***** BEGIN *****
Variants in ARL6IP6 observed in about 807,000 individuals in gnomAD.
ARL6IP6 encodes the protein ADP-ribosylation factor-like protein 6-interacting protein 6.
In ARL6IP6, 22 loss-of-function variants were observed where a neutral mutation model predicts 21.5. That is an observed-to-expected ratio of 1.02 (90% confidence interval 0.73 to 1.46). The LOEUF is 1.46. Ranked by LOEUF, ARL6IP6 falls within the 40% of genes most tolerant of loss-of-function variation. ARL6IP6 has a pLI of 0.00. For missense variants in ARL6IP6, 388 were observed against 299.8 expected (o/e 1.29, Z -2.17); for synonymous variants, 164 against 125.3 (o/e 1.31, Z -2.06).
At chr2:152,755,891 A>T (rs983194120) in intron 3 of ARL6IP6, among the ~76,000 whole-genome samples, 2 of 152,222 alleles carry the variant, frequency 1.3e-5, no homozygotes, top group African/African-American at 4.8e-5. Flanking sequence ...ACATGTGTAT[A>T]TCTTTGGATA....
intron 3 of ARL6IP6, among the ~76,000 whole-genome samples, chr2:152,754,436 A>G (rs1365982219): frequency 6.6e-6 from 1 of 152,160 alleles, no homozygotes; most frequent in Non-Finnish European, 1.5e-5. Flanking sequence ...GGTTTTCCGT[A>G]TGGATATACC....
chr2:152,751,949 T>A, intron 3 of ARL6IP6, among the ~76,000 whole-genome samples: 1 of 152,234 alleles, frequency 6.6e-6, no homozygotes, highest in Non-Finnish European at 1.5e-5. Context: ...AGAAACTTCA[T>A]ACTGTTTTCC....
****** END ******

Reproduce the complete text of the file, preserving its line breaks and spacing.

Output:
Variants in ARL6IP6 observed in about 807,000 individuals in gnomAD.
ARL6IP6 encodes the protein ADP-ribosylation factor-like protein 6-interacting protein 6.
In ARL6IP6, 22 loss-of-function variants were observed where a neutral mutation model predicts 21.5. That is an observed-to-expected ratio of 1.02 (90% confidence interval 0.73 to 1.46). The LOEUF is 1.46. Ranked by LOEUF, ARL6IP6 falls within the 40% of genes most tolerant of loss-of-function variation. ARL6IP6 has a pLI of 0.00. For missense variants in ARL6IP6, 388 were observed against 299.8 expected (o/e 1.29, Z -2.17); for synonymous variants, 164 against 125.3 (o/e 1.31, Z -2.06).
At chr2:152,755,891 A>T (rs983194120) in intron 3 of ARL6IP6, among the ~76,000 whole-genome samples, 2 of 152,222 alleles carry the variant, frequency 1.3e-5, no homozygotes, top group African/African-American at 4.8e-5. Flanking sequence ...ACATGTGTAT[A>T]TCTTTGGATA....
intron 3 of ARL6IP6, among the ~76,000 whole-genome samples, chr2:152,754,436 A>G (rs1365982219): frequency 6.6e-6 from 1 of 152,160 alleles, no homozygotes; most frequent in Non-Finnish European, 1.5e-5. Flanking sequence ...GGTTTTCCGT[A>G]TGGATATACC....
chr2:152,751,949 T>A, intron 3 of ARL6IP6, among the ~76,000 whole-genome samples: 1 of 152,234 alleles, frequency 6.6e-6, no homozygotes, highest in Non-Finnish European at 1.5e-5. Context: ...AGAAACTTCA[T>A]ACTGTTTTCC....